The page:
Fig. (4).

The overlap of the contrast of ABM > REST and the contrast of ABM > SEM, superimposed on the axial images of the MNI T1 template. FPC, frontopolar cortex; DPM, dorsal premotor area; IPL, inferior parietal lobule; MTG, middle temporal gyrus; RS, retrosplenial cortex; PCG, posterior cingulate gyrus; STG, superior temporal gyrus; and VMPFC, ventro-medial prefrontal cortex.


Table 3.

ABM-Specific Areas (ABM > REST & ABM > SEM)


Anatomical area BA side x y z z score voxels
Posterior cingulate gyrus 30 L -8 -56 16 Inf 1754a
31 L -6 -40 36 3.5 72
30 R 6 -54 10 5.7 1754a
Retrosplenial cortex 29 R 10 -46 4 5.6 1754a
Cerebellum R 38 -56 -46 6.3 100
Dorsal premotor area 8 L -38 2 54 6.0 1163
8 R 30 16 46 3.6 34
Ventromedial PFC 11 L -4 52 -14 5.1 496
Precentral gyrus 4 L -38 -22 64 4.8 21
Inferior parietal lobule 39 L -42 -68 36 4.7 327
Middle temporal gyus 21 L -58 -24 -2 4.6 664
Superior temporal gyrus 38 L -50 20 -20 4.1 30
Frontopolar cortex 10 L -22 62 10 3.3 44

Voxels labelled by superscript suffix of the identical alphabet belong to one identical cluster.

Fig. (5).

The contrast effect of each task condition (ABM, SEM, and NC) compared to REST in the local maxima for the overlap between AMB > REST and ABM > SEM, which correspond to the intersection of lines in the lower panels. Bars represent the limit of the 90% confidence interval around the mean. DPM, dorsal premotor area; IPL, inferior parietal lobule; MTG, middle temporal gyrus; RS, retrosplenial cortex; PCG, posterior cingulate gyrus; and VMPFC, ventro-medial prefrontal cortex.


DISCUSSION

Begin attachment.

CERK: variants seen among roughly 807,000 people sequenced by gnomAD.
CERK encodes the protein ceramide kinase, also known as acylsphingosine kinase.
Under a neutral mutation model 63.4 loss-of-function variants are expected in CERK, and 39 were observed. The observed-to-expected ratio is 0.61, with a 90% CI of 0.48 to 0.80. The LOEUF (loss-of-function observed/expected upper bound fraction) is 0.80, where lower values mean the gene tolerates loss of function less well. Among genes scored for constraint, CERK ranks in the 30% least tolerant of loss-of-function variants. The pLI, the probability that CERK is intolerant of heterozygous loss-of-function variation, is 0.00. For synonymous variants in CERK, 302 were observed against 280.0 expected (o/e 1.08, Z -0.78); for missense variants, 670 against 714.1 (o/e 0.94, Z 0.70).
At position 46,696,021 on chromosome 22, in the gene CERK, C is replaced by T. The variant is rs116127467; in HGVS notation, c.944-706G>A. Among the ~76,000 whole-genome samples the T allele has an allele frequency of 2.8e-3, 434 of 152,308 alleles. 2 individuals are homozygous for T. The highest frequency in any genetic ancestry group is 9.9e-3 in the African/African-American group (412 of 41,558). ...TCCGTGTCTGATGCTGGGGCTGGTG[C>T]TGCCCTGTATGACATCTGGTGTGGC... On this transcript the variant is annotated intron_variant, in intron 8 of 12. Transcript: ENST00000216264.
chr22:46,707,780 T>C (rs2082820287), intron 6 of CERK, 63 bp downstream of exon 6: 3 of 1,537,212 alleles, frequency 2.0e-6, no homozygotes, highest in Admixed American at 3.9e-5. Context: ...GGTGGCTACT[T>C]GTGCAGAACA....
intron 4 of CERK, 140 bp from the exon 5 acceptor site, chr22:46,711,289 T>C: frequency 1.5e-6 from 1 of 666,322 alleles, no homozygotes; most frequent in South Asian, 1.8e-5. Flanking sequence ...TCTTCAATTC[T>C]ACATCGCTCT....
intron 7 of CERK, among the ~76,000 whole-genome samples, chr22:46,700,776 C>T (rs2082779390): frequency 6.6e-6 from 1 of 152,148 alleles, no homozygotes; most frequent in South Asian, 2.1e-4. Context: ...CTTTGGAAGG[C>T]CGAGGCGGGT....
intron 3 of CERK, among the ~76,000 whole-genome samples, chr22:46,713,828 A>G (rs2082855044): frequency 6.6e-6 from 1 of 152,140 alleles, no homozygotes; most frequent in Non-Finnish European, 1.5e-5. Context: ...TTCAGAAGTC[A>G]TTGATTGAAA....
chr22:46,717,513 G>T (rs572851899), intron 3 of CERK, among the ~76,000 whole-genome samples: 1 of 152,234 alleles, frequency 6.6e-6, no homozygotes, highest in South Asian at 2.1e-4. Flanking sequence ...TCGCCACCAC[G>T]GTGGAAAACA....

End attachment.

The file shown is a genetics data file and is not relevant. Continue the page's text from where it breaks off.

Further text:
There was a relatively large degree of overlap between greater activation during ABM and the DMN which was delineated by less activation during number counting. Extensive part of less activation during ABM also overlapped with less activation during number counting. These results show that both greater activation and less activation during ABM considerably overlapped with the DMN, suggesting that DMN is constituted of heterogeneous components with respect to ABM. The overlap between greater activation during ABM and less activation during number counting was found in the areas including the posterior cingulate gyrus, ventromedial PFC, hippocampal region, and inferior parietal lobule, suggesting that these regions are the DMN components associated with ABM. On the other hand, the overlap between less activation during ABM and less activation during number counting was found in the areas including the paracentral lobule extending into the precuneus and into the pre/post central gyrus (M1/S1), inferior parietal lobule, posterior insula extending into the superior temporal gyrus, most of which were also deactivated during semantic memory. Although the function subserved by these regions is unclear, they may represent the DMN component which is deactivated during any sorts of explicit task involving stimulus-oriented cognitive processes. This possibility can be reinforced by future studies showing that these regions also show less activation during other tasks which are known to increase activities of the DMN such as social cognition [14, 15, 16] and imagining the thought and feeling of others (theory of mind) [14]. Alternately, MI/SI and posterior insular, in particular, might be related to processing of interoceptive sensory information such as somatic, proprioceptive, and visceral sense [22]. Deactivation of the DMN including these areas during discomfort and unpleasant gastric extension was reported in a recent study, which was interpreted as an adaptive antinociceptive response or shift from exteroceptive to interoceptive sensory processing [23]. A recent functional connectivity analysis also indicated that anterior dorsal precuneus exhibits functional connectivity with sensorimotor region and insula [24]. The cluster in the medial parietal region including the precuneus and paracentral lobule which is a component of the overlap between less activation during ABM and less activation during number counting was located dorsally to the cluster in the medial parietal region including the posterior cingulate gyrus and retrosplenial cortex which is a component of the overlap between greater activation during ABM and less activation during number counting. This may suggest that medial parietal region of the DMN is functionally dissociated into the dorsal part (anterior part of the precuneus and paracentral lobule) and ventral part (posterior cingulate gyrus and retrosplenial cortex), but future studies are necessary in order to elucidate the behavioral and physiological meaning of this functional dissociation.